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COL2A1 gene. This condition is inherited in an autosomal dominant pattern, which means one copy of the altered gene in each cell is sufficient to cause the disorder. Most cases result from new mutations in the gene and occur in people with no history of the disorder in their family.Kniest dysplasia is a disorder of bone growth characterized by short stature (dwarfism) with other skeletal abnormalities and problems with vision and hearing. It is one of a spectrum of skeletal disorders caused by mutations in the
Last updated: 5/20/2013
- Kniest dysplasia. Genetics Home Reference (GHR). 2008; http://ghr.nlm.nih.gov/condition/kniest-dysplasia. Accessed 5/20/2013.
- Genetics Home Reference (GHR) contains information on Kniest dysplasia. This website is maintained by the National Library of Medicine.
- The Monarch Initiative brings together data about this condition from humans and other species to help physicians and biomedical researchers. Monarch’s tools are designed to make it easier to compare the signs and symptoms (phenotypes) of different diseases and discover common features. This initiative is a collaboration between several academic institutions across the world and is funded by the National Institutes of Health. Visit the website to explore the biology of this condition.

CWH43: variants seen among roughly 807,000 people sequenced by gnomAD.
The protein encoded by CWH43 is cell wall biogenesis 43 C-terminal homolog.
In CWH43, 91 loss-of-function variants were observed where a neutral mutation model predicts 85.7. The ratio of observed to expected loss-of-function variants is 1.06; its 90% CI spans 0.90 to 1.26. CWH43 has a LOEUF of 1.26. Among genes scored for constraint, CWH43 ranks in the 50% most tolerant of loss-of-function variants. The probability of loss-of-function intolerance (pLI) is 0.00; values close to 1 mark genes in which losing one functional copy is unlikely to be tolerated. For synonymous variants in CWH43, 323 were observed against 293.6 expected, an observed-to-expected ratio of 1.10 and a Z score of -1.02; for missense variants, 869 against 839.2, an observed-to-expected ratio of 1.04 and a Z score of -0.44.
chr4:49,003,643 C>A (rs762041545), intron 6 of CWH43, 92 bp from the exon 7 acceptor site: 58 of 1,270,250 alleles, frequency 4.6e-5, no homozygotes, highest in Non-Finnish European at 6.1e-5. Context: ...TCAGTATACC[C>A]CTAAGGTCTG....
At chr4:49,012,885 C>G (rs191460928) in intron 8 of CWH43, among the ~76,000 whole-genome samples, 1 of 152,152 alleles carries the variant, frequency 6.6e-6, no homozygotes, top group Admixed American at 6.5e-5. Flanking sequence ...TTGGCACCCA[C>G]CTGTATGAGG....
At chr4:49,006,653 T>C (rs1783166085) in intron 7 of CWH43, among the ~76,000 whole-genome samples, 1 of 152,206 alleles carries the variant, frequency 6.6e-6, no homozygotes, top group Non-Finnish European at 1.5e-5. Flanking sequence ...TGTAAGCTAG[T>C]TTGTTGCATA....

- Online Mendelian Inheritance in Man (OMIM) is a catalog of human genes and genetic disorders. Each entry has a summary of related medical articles. It is meant for health care professionals and researchers. OMIM is maintained by Johns Hopkins University School of Medicine.
- Orphanet is a European reference portal for information on rare diseases and orphan drugs. Access to this database is free of charge.
- PubMed is a searchable database of medical literature and lists journal articles that discuss Kniest dysplasia. Click on the link to view a sample search on this topic.